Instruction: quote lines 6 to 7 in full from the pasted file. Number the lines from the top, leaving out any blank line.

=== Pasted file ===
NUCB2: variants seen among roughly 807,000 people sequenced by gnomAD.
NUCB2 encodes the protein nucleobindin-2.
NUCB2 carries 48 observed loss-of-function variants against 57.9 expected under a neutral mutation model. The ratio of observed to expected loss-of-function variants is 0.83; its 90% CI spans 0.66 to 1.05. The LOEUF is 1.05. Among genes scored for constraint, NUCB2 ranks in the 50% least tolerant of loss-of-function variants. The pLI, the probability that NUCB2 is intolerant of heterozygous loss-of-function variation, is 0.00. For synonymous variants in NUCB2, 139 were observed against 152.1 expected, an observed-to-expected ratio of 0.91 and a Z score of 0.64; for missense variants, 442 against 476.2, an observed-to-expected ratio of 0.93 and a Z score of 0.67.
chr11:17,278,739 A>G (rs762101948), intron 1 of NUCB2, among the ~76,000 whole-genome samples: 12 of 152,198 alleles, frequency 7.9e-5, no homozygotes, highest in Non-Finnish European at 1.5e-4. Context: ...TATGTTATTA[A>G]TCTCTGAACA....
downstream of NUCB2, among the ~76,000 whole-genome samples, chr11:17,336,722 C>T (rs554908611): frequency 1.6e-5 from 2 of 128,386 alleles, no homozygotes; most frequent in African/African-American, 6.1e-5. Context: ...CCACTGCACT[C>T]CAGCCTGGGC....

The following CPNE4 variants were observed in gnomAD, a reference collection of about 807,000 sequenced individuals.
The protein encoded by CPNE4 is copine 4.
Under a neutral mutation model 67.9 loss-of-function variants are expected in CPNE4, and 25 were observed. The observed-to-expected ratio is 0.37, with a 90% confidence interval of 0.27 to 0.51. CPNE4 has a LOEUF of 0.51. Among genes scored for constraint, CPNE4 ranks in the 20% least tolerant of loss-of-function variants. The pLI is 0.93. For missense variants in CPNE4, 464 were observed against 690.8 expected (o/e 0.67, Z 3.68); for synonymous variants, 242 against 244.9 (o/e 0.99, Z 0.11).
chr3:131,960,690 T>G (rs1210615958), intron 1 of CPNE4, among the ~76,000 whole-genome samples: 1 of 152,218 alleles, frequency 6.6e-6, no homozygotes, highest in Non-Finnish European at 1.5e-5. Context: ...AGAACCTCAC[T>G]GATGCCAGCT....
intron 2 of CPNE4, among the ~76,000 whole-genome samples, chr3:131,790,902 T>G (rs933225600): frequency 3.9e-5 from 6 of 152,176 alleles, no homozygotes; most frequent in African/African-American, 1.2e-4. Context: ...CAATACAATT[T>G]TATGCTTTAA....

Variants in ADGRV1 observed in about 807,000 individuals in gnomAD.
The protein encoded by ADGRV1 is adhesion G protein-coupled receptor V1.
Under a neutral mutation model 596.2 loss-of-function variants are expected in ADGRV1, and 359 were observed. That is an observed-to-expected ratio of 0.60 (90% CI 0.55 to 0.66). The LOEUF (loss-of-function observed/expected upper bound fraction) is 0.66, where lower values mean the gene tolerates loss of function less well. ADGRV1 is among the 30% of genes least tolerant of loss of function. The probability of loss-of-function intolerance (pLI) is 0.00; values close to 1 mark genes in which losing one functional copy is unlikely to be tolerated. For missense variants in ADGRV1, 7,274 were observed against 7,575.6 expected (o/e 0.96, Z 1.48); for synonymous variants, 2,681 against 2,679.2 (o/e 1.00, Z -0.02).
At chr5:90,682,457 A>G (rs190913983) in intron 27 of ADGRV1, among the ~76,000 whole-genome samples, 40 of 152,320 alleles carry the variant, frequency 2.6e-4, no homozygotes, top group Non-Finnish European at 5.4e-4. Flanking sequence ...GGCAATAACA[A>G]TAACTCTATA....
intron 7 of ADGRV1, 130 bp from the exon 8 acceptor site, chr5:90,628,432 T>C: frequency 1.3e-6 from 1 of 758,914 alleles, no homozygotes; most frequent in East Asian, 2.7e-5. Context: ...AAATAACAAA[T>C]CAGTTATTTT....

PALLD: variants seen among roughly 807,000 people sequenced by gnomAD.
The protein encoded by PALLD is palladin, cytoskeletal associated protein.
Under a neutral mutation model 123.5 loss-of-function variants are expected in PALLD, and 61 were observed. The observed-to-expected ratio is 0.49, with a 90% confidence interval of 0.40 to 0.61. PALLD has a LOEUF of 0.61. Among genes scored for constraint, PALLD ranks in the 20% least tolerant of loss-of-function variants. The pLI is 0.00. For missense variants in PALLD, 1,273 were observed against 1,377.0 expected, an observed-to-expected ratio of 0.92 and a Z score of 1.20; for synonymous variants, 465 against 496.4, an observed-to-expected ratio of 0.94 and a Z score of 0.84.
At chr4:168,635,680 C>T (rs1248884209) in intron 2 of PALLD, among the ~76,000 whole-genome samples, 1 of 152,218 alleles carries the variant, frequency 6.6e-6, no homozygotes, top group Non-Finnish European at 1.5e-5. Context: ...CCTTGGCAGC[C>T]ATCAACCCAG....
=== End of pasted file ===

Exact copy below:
The following CPNE4 variants were observed in gnomAD, a reference collection of about 807,000 sequenced individuals.
The protein encoded by CPNE4 is copine 4.